Back in 1968, when my record collection still fit on one small shelf, it already included Power Plant, the debut album by the Golden Dawn, an obscure psychedelic rock outfit on the equally obscure albeit ambitiously named International Artists label. I’ve come back to the disc countless times since then, not only because its music reminds me of another era but because every one of its ten simple songs delivers well-hooked ear candy.
Though the Texas-based band has attained a small cult following over the decades, it’s safe to say they remain unknown to the vast majority of rock fans, which isn’t surprising, given that their album sold a minuscule number of copies and they called it quits 47 years ago, just a few months after Power Plant appeared. I thought of their music as my little secret and certainly never expected to hear from them again.
So I was surprised to recently learn that the Golden Dawn had not only reunited to perform at Austin’s Psych Fest in 2009, 2012 and 2014 but had made a DVD of the second of these shows that contains every song from Power Plant. And I was even more surprised when my email inquiry about the DVD brought a response within five minutes from none other than Golden Dawn leader and vocalist George Kinney, the guy I’d been singing along with for nearly half a century. He offered to send me the concert film, which he said was “rough but has some interesting moments.”
It arrived a few days later, and “rough but . . . interesting” about sums it up. The video alternates between a grainy long shot of the band and even grainier close-ups of Kinney, and the audio, while certainly listenable, is poorly recorded. Nevertheless, the band’s— and particularly the lead singer’s—enthusiasm comes through loud and clear; and it’s great to finally see a live performance of music I’ve only heard for so many years. If you’re among the small group of fans who have been listening too, you’ll want this DVD. If not, start with the album, which is now available on CD as a UK import, complete with the original marijuana-leaf cover art.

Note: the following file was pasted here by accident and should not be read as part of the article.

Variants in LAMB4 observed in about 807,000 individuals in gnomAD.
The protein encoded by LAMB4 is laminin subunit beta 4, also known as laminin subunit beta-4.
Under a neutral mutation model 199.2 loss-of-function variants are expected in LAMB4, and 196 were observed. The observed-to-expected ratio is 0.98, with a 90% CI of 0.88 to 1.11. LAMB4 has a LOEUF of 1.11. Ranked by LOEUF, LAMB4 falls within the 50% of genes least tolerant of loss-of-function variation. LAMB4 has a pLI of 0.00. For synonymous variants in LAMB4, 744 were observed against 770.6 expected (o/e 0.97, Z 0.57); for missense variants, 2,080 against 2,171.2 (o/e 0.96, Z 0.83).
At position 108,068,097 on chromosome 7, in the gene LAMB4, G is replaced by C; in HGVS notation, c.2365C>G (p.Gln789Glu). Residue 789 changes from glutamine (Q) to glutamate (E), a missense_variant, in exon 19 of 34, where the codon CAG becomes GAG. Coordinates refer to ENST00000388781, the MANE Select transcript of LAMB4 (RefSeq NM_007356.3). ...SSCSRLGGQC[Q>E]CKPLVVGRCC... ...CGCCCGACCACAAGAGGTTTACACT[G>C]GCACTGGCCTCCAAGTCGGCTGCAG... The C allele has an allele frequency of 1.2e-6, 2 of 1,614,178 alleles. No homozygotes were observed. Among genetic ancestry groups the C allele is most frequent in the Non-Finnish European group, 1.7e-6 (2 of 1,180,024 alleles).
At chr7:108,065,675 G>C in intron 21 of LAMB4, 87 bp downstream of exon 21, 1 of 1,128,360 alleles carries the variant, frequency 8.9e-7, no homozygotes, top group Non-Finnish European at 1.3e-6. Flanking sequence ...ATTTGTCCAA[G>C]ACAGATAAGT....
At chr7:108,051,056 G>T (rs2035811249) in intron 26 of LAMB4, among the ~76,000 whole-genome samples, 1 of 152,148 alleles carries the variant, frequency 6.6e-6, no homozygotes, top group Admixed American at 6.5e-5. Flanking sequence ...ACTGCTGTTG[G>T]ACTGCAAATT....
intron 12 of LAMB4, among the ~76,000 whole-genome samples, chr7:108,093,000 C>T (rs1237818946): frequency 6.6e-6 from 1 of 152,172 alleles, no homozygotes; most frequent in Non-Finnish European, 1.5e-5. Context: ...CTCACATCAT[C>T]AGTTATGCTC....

Don’t expect the sort of groundbreaking psychedelic rock you’d associate with, say, Pink Floyd’s Ummagumma or the Grateful Dead’s Aoxomoxa. Instead, think Music Machine, Blues Magoos, Count Five, Electric Prunes—in short, the sort of material that would have fit right in on the justifiably famous Elektra/Rhino Nuggets anthologies. The songs are catchy, tightly constructed, fun and brief (only one clocks in at more than about three minutes) and they sound like a hybrid of pop and early punk with a few psychedelic sounds and references thrown into the mix. The Golden Dawn may not be revolutionary, but the fact that I’ve been listening to them for 47 years should tell you something other than that I’m getting old.